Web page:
Books to treasure: Kerrie Cotton Williams celebrates a literary history.
Categorize your collection by subjects, genres, or themes that excite you then focus on acquiring first editions. First editions by young authors can make a good investment. "[As writers] become acclaimed, [their] books become valuable." An autographed first edition adds value. Inscribed copies are worth more. "Plating that person and that particular object in the moment is of historical value as well as monetary value," explains Williams.
Preserve your books by always washing your hands before handling them. Also, appoint a display copy that can withstand changes in environment ans a preservation copy that should be housed at a stable 70 degrees Fahrenheit away from fluorescent light and sunlight, Williams suggests storing papers "in alkaline folders or boxes, which create barriers between your materials and outside conditions."
Acquaint yourself with the collecting community by attending book fairs. Most are sponsored by the Antiquarian Booksellers Association of America (www.abaa.org). While there is no single price guide, the American Society of Appraisers (www.appraisers.org) can recommend certified appraisers, whose criteria include "physical condition, edition, manuscripts, or items related to [the author] or books in a repository or someone's possession, and how your books relate to other books within a collection."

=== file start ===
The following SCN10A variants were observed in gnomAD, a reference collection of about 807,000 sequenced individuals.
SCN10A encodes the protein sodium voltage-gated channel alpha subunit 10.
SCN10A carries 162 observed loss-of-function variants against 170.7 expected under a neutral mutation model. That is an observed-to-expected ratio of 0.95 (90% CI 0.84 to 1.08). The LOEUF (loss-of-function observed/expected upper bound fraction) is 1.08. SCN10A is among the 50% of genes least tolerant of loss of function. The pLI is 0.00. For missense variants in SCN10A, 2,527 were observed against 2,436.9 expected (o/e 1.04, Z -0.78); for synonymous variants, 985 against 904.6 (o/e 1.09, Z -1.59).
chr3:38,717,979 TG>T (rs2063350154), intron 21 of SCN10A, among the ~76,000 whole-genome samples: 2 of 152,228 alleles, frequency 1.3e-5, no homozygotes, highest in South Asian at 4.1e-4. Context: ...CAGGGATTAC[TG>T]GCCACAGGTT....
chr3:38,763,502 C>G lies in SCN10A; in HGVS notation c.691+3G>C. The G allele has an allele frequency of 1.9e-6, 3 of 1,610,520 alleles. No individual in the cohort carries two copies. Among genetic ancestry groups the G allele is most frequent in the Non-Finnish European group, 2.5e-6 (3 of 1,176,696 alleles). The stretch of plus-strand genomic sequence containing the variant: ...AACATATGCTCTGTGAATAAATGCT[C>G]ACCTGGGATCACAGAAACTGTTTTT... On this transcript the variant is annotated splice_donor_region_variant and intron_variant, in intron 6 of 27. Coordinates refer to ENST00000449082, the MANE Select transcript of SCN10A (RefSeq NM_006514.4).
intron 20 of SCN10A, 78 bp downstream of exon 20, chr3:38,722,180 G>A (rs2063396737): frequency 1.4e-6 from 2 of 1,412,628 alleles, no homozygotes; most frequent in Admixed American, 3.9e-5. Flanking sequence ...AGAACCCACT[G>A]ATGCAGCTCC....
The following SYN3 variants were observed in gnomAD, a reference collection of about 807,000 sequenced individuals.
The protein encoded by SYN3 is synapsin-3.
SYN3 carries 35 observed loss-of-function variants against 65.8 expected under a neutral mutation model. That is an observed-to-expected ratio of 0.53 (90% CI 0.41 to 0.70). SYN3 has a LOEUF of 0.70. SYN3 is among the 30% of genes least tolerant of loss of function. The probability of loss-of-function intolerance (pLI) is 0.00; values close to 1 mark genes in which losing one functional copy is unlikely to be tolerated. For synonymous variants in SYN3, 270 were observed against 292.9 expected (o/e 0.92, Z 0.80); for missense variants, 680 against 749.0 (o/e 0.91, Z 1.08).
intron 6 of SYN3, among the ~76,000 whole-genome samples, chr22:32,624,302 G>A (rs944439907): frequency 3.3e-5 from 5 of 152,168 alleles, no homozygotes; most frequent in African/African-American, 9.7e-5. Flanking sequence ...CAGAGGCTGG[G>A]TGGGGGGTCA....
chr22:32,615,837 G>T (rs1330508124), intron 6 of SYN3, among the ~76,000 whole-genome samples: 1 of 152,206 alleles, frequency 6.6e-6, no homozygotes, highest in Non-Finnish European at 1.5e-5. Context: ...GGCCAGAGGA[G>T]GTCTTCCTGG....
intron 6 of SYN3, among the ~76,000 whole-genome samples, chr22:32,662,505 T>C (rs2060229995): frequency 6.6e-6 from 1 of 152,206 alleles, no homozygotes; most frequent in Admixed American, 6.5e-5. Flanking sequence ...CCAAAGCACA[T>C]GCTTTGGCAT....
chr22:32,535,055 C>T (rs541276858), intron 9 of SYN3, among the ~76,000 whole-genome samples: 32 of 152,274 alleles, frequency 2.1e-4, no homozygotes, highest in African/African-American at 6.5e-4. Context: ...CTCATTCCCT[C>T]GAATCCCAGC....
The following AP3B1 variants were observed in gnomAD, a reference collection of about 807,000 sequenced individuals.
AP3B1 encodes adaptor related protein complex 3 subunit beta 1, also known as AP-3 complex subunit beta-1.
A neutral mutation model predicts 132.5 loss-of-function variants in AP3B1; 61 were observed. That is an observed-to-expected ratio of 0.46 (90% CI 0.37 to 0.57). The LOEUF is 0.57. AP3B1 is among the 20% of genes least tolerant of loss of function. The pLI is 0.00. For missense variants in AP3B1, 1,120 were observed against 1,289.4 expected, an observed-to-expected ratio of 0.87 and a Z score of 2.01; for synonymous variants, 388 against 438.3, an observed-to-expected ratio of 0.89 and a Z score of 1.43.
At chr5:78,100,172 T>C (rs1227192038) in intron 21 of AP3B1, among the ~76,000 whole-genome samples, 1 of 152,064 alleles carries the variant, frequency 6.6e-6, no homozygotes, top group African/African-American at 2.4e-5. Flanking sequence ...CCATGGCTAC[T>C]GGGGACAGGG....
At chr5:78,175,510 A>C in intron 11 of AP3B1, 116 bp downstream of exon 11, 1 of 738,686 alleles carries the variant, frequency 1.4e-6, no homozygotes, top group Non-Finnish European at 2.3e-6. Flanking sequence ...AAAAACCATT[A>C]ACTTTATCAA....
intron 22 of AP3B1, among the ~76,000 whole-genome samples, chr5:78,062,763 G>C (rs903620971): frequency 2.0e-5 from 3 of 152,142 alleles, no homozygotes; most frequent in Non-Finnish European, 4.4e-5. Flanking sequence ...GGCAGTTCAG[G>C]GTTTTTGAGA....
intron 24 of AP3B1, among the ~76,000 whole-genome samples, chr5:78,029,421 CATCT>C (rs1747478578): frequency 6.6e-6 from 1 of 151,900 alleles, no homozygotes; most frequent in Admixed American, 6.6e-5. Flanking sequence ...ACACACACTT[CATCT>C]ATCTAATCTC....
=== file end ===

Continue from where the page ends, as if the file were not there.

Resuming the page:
A hand-corrected Ralph Ellison manuscript on onionskin paper or a Phyllis Wheatley first edition, both acquisitions of AARL (wwmaf.publie.lib.ga.us/aarl), currently command five figures each.
Determine a legacy for your collection whether you bequeath it to relatives, donate it, or sell it to a repository. Civil rights activist and former mayor of Atlanta Andrew Young recently donated his books, handwritten correspondence, diaries, audio tapes, and photographs spanning 50 years of his life to AARL.
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|Title Annotation:||The Enthusiast|
|Date:||Nov 1, 2004|
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